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National collaborative focusing on organ offer acceptance to launch at the end of January 2023

National collaborative focusing on organ offer acceptance to launch at the end of January 2023

United Network for Organ Sharing (UNOS) is bringing together more than 80 transplant programs from across the country to participate in the Organ Procurement and Transplantation Network (OPTN) Offer Acceptance Collaborative, led by United Network for Organ Sharing. The largest UNOS-led collaborative to date, the six-month project has been designed to support OPTN members and enhance system efficiencies through the improvement of offer acceptance practices and processes. Transplant program performance monitoring will begin to consider offer acceptance metrics in July 2023.

The processes involved in accepting organ offers are integral to the transplant system and to saving lives, but organ offer acceptance rates vary across the United States. A recent report from the National Academies of Sciences, Engineering and Medicine (NASEM) notes this variation in acceptance practices and sees offer acceptance as a “key area for improvement for transplant centers.” NASEM has also noted the success of UNOS-led collaboratives in the donation and transplant community and recommends a continued emphasis on sharing of effective practices.

“UNOS is proud to convene more than 80 transplant programs from across the country for this important collaborative project,” said UNOS CEO Maureen McBride. “We are committed to driving continuous improvements that save more lives. By strengthening our practices, constantly reevaluating what works as a community and asking tough questions about how and what we can do better, we can best serve the patients and families who rely on us. I look forward to seeing the progress we make thanks to the efforts of the Offer Acceptance Collaborative.”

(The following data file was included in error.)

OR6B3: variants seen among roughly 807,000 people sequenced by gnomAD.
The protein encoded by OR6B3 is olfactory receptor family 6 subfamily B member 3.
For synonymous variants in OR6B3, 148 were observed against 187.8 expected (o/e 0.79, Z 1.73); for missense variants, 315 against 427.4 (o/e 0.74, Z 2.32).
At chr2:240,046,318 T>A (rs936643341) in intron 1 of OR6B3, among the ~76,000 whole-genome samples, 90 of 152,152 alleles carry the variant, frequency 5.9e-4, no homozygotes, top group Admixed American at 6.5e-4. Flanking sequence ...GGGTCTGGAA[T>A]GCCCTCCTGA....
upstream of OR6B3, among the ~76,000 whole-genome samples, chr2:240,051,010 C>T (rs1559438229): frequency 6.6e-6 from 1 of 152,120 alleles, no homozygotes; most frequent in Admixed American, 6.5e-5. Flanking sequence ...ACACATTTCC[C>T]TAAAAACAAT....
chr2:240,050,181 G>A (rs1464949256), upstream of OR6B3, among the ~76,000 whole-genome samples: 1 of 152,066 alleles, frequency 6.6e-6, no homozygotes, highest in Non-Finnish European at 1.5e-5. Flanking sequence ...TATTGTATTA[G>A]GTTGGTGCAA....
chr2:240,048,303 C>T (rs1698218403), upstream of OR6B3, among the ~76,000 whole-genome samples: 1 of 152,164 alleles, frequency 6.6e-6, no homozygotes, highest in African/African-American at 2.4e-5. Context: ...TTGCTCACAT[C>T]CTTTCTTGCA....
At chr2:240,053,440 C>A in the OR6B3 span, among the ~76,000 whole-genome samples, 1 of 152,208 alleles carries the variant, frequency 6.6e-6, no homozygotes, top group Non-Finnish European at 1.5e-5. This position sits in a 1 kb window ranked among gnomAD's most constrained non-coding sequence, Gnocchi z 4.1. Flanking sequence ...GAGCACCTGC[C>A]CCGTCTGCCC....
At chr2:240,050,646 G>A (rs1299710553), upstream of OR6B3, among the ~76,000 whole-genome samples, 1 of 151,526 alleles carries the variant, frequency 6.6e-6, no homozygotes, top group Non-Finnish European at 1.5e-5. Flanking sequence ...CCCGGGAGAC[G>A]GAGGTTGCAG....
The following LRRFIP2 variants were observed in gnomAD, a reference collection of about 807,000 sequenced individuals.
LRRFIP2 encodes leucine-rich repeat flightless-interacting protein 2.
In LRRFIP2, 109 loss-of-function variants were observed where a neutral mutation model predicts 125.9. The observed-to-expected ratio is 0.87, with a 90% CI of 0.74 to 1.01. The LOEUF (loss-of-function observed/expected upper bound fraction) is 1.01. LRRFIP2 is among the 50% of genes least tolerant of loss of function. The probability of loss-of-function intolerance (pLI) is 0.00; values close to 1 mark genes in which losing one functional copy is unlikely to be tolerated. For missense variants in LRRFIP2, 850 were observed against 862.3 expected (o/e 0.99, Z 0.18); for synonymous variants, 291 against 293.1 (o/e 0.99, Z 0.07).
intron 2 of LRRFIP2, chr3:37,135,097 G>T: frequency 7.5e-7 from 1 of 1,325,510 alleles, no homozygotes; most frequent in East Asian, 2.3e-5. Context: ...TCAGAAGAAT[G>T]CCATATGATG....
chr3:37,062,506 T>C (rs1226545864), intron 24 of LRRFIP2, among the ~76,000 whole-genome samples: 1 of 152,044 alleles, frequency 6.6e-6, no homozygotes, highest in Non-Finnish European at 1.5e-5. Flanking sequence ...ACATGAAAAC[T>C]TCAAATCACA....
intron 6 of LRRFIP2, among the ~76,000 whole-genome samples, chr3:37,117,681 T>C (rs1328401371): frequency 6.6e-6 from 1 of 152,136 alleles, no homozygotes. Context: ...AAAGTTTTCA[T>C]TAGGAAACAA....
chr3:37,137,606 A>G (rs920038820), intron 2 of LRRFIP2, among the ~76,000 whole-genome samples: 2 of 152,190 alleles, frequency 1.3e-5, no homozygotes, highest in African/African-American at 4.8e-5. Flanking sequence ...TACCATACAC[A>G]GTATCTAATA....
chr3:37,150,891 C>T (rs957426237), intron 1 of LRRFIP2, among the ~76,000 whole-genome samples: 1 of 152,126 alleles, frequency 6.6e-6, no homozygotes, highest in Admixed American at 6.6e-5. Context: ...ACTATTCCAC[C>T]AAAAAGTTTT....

All 83 participating transplant programs have been selected and notified. The project will launch with a day-and-a-half in-person conference to orient participants to the collaborative, scheduled to take place Jan. 31 – Feb. 1, 2023 in Orlando, Fla.

Participants

Heart programs
  • Ann & Robert H. Lurie Children’s Hospital of Chicago (Chicago)
  • Baptist Memorial Hospital – Memphis (Memphis, Tenn.)
  • Boston Children’s Hospital (Boston)
  • Children’s Hospital of Michigan (Detroit)
  • Corewell Health West (Grand Rapids, Mich.)
  • Lucile Packard Children’s Hospital Stanford (Palo Alto, Ca.)
  • M Health Fairview | University of Minnesota Medical Center (Minneapolis)
  • MedStar Georgetown Transplant Institute (Washington, D.C.)
  • Memorial Regional Hospital (Hollywood, Fla.)
  • Newark Beth Israel Medical Center (Newark, N.J.)
  • Northwestern Memorial Hospital (Chicago)
  • Penn State Health Milton S. Hershey Medical Center (Hershey, Pa.)
  • Piedmont Hospital (Atlanta)
  • Providence Sacred Heart Medical Center (Spokane, Wash.)